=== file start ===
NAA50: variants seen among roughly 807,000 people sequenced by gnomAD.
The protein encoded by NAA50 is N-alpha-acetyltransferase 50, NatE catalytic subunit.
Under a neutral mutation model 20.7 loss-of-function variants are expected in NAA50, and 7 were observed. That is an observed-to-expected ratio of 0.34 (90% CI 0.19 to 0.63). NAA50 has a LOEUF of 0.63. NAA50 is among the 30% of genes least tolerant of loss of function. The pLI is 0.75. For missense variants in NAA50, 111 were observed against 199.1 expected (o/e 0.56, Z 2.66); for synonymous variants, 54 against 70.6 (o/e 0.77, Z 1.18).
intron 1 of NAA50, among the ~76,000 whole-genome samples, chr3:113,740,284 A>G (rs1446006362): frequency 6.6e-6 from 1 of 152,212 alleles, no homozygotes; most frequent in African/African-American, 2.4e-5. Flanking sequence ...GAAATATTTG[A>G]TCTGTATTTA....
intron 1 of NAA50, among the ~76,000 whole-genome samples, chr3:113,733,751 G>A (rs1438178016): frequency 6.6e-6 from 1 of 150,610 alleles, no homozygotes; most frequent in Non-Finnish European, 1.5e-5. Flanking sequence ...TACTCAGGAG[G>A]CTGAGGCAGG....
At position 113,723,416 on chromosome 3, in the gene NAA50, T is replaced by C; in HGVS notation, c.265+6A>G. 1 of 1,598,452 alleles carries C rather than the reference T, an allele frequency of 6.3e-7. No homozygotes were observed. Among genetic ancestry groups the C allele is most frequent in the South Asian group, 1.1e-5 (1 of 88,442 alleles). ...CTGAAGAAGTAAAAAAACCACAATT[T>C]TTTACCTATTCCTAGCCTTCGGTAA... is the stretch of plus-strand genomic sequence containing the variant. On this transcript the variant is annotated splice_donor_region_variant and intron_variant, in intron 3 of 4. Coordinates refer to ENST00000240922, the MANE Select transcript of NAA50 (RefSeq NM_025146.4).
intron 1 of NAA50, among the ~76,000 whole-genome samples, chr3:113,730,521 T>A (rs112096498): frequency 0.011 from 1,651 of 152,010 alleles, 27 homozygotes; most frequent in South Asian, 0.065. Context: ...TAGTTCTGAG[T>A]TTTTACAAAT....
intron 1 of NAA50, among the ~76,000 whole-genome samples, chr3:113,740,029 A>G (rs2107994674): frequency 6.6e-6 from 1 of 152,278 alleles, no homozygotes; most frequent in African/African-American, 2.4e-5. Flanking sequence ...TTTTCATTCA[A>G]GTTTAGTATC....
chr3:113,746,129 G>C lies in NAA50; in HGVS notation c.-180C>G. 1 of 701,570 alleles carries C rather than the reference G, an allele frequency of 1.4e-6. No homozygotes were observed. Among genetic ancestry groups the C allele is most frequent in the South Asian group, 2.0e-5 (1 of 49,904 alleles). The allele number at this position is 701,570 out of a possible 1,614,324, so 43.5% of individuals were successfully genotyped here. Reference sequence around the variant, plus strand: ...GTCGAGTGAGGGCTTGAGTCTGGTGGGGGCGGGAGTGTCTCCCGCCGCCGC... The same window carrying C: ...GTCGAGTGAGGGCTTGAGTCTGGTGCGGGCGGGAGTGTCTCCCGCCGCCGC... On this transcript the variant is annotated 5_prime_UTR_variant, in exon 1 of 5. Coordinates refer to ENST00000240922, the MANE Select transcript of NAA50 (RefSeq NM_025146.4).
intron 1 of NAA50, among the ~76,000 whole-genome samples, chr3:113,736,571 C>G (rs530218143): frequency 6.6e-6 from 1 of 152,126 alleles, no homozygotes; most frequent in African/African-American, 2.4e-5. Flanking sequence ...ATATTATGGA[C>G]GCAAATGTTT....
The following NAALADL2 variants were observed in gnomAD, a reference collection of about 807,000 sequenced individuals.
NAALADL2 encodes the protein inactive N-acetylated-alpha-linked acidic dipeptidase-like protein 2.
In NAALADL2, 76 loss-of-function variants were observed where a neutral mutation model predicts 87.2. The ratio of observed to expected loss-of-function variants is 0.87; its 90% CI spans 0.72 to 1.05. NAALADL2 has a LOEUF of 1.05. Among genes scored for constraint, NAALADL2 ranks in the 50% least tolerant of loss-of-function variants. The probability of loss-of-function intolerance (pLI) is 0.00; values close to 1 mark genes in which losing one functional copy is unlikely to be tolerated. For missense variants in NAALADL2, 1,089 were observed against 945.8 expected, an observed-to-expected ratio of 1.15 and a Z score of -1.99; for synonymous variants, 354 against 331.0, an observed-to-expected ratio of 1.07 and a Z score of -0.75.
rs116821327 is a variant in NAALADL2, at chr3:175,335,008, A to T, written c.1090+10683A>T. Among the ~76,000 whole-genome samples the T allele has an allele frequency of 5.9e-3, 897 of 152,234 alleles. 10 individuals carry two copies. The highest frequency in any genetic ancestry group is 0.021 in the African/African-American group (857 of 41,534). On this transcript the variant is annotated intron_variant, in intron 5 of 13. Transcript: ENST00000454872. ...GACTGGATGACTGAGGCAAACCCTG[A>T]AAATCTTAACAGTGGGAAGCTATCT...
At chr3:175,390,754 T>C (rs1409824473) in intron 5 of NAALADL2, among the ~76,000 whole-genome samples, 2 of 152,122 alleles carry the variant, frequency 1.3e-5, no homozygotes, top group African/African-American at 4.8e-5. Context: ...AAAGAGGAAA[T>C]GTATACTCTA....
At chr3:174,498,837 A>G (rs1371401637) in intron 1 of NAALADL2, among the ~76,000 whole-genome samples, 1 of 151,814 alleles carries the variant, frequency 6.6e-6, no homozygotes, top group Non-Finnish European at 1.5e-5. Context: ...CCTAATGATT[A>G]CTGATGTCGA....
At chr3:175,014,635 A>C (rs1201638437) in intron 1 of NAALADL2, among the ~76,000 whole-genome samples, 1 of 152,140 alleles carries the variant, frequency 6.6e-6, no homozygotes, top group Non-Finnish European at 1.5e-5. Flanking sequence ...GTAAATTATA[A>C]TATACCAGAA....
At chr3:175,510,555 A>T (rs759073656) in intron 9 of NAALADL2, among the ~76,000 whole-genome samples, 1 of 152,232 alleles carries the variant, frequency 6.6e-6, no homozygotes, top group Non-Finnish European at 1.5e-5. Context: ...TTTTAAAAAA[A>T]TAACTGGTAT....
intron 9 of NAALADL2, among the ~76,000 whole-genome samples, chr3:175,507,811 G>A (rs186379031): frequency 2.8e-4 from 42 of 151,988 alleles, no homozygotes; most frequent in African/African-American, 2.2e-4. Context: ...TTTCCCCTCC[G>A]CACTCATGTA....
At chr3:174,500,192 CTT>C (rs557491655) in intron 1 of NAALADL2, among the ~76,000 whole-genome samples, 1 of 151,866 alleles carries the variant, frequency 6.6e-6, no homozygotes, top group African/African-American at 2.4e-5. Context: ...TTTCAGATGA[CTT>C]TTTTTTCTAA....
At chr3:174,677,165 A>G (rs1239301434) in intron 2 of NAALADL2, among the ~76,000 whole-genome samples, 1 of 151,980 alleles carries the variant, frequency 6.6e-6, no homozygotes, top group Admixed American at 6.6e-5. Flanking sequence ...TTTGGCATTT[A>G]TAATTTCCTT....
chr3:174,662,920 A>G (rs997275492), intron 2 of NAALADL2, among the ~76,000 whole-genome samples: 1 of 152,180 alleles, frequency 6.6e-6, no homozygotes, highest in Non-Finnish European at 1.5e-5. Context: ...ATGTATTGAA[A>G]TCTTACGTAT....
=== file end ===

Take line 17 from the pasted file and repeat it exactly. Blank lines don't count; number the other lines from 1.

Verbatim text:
At chr3:175,014,635 A>C (rs1201638437) in intron 1 of NAALADL2, among the ~76,000 whole-genome samples, 1 of 152,140 alleles carries the variant, frequency 6.6e-6, no homozygotes, top group Non-Finnish European at 1.5e-5. Flanking sequence ...GTAAATTATA[A>C]TATACCAGAA....